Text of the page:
A 2013 review of studies included neurofeedback in a list of interventions that may produce “statistically significant” improvements in symptoms of ADHD.
In a pilot study, also from 2013, researchers compared the effects of neurofeedback with those of stimulants, a widely accepted treatment for ADHD.
Sixteen participants aged 7–16 years took the stimulant drugs, and 16 underwent 30 sessions of neurofeedback over a period of 7–11 months. Participants who took the drugs experienced a reduction in ADHD symptoms, while those who underwent neurofeedback did not.
In 2014, researchers published a meta-analysis of results of five previous studies on neurofeedback and ADHD.
They took into account parent and teacher assessments of children who had undergone the treatment. Overall, parents had reported improvements in impulsivity, inattention, and hyperactivity, but teachers saw improvement only in inattention.
The researchers concluded that neurofeedback might be useful for children with ADHD.
In 2016, authors of a meta-analysis found that well-controlled trials had not provided enough evidence to support neurofeedback as an effective treatment for ADHD. The authors called for further research.
Criticisms of neurofeedback
While some studies have shown promising results, critics point out that several of these studies had design flaws. Flaws in a study can make it hard to prove whether a technique is effective.
Many authors have called for further research. Some researchers have criticized neurofeedback as a moneymaking scam, while others have voiced concern about the lack of guidelines.
Authors of a 2016 study noted that, while neurofeedback is noninvasive, available evidence has not proven its effectiveness. In addition, they wrote:
“It is expensive, time-consuming and its benefits are not long-lasting. Also, it might take months to show the desired improvements.”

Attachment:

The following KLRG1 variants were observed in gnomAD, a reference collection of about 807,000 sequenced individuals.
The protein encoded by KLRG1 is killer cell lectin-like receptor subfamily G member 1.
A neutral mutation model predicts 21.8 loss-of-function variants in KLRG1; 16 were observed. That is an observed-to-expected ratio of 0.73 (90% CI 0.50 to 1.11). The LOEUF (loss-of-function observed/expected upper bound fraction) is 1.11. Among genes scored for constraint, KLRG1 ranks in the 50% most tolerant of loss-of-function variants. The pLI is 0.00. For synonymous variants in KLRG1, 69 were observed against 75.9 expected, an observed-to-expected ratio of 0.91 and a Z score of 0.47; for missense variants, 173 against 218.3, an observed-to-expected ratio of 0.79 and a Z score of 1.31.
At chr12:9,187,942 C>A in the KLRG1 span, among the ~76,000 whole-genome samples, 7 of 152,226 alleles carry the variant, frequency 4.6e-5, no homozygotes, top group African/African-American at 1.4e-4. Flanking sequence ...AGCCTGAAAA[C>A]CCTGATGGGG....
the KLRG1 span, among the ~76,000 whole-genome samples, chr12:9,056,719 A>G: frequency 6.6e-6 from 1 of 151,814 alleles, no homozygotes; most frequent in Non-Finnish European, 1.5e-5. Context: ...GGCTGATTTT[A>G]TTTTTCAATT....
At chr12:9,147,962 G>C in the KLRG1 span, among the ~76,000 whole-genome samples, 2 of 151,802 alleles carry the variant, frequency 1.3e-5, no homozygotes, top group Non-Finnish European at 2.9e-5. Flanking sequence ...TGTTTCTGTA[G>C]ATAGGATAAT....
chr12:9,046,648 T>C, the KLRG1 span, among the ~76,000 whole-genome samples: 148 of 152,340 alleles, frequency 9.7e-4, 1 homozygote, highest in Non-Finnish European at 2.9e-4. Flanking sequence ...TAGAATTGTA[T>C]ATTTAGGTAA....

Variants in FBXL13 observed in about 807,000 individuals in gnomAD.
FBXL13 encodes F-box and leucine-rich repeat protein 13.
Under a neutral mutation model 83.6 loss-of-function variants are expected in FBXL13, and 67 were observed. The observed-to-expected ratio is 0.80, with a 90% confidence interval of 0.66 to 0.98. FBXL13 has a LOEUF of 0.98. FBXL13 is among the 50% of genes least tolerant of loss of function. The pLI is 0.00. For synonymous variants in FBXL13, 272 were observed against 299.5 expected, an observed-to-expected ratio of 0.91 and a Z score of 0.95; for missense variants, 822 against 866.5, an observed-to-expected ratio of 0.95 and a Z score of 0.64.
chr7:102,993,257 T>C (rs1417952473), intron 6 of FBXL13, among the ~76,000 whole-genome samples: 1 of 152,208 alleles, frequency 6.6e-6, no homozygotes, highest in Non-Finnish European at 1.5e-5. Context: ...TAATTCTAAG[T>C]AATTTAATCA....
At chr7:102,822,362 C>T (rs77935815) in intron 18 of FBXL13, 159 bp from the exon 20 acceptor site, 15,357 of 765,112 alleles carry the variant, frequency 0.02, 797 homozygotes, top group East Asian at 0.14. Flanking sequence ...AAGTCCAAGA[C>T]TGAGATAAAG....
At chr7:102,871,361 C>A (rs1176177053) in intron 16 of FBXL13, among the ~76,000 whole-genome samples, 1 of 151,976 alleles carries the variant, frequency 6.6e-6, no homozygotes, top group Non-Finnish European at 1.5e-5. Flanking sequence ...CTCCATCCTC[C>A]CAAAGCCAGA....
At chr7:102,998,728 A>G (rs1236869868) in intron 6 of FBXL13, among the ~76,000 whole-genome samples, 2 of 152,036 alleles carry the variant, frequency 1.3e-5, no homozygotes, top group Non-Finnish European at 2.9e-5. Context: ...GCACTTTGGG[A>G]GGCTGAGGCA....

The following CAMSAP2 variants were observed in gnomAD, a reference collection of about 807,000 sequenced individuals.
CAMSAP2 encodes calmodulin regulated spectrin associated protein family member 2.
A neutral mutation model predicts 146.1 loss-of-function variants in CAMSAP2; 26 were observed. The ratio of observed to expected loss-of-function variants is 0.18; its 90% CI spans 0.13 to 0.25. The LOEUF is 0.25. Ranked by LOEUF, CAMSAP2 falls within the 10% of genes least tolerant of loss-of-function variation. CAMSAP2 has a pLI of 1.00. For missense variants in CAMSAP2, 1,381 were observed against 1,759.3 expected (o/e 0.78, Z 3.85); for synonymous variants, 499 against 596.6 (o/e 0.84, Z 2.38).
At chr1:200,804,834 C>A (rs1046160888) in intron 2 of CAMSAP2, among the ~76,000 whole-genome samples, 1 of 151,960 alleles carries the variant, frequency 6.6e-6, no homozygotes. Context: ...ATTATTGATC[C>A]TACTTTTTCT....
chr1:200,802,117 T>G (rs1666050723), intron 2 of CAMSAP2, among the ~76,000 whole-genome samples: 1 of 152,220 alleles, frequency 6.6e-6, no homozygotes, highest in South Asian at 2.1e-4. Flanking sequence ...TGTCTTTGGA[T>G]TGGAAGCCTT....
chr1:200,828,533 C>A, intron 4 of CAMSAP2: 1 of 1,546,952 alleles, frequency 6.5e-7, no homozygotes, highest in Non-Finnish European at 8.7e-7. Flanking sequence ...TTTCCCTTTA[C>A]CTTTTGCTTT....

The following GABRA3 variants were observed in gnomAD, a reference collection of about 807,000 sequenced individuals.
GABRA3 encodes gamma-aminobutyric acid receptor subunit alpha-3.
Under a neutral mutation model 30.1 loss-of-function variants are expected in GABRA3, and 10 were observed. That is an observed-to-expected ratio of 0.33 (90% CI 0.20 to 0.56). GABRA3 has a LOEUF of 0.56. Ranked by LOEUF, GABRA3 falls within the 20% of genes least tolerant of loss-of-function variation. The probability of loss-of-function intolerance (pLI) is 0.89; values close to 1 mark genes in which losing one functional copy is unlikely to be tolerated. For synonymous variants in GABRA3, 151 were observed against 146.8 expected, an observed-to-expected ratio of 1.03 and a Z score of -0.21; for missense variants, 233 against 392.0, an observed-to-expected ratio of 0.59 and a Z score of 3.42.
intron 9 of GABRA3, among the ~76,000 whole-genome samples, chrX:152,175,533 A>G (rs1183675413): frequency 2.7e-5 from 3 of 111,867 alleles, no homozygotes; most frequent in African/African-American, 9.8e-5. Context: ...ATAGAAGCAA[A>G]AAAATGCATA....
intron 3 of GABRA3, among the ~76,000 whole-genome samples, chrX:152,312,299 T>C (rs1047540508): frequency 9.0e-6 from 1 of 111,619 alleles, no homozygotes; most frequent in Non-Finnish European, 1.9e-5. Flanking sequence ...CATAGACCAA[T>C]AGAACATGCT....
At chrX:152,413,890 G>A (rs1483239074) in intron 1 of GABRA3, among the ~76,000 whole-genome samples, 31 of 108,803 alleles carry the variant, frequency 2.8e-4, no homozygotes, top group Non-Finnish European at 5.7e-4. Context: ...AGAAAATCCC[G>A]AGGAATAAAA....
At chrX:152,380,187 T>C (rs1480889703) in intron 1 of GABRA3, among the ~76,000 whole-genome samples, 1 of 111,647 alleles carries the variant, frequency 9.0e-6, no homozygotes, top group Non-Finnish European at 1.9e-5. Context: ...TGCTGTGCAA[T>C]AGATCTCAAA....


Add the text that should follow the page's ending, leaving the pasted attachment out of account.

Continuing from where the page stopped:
Neurofeedback is nonintrusive, and proponents claim that it is safe.
However, adverse side effects can include:
- mental fatigue
- old feelings returning, for example in vivid dreams, before they disappear permanently
- dizziness, nausea, and light sensitivity in people who have experienced head trauma
Neurofeedback can be costly.
A 2017 article in Bloomberg Businessweek reported that 30 sessions of 40 minutes each might come to a total of $2,200, plus a $250 initial assessment fee.
It can be difficult to get insurance coverage for neurofeedback therapy, and a person should check with their provider before proceeding.
Neurofeedback is painless, and the main drawback may be cost. If other treatments for ADHD have been ineffective, neurofeedback may be worth trying.
Questions to ask a practitioner include:
- How much will treatment cost?
- How do you measure improvements?
- How long should it take to see results?
- How many sessions will I need?
- How long will each session take?
- Is there anything I can do to increase the effectiveness of treatment?
Anyone considering changing their ADHD treatment plan should talk it over with a psychiatrist or another healthcare provider.
Neurofeedback might help relieve the symptoms of ADHD, but it can be expensive and more evidence is needed to prove that it is effective.
Anyone considering neurofeedback should also contact the International Society for Neurofeedback and Research to ensure that the practitioner they have in mind is certified.
I would like to try neurofeedback for my son, who is 9 years old and has a diagnosis of ADHD. How do I make sure I find a suitable practitioner?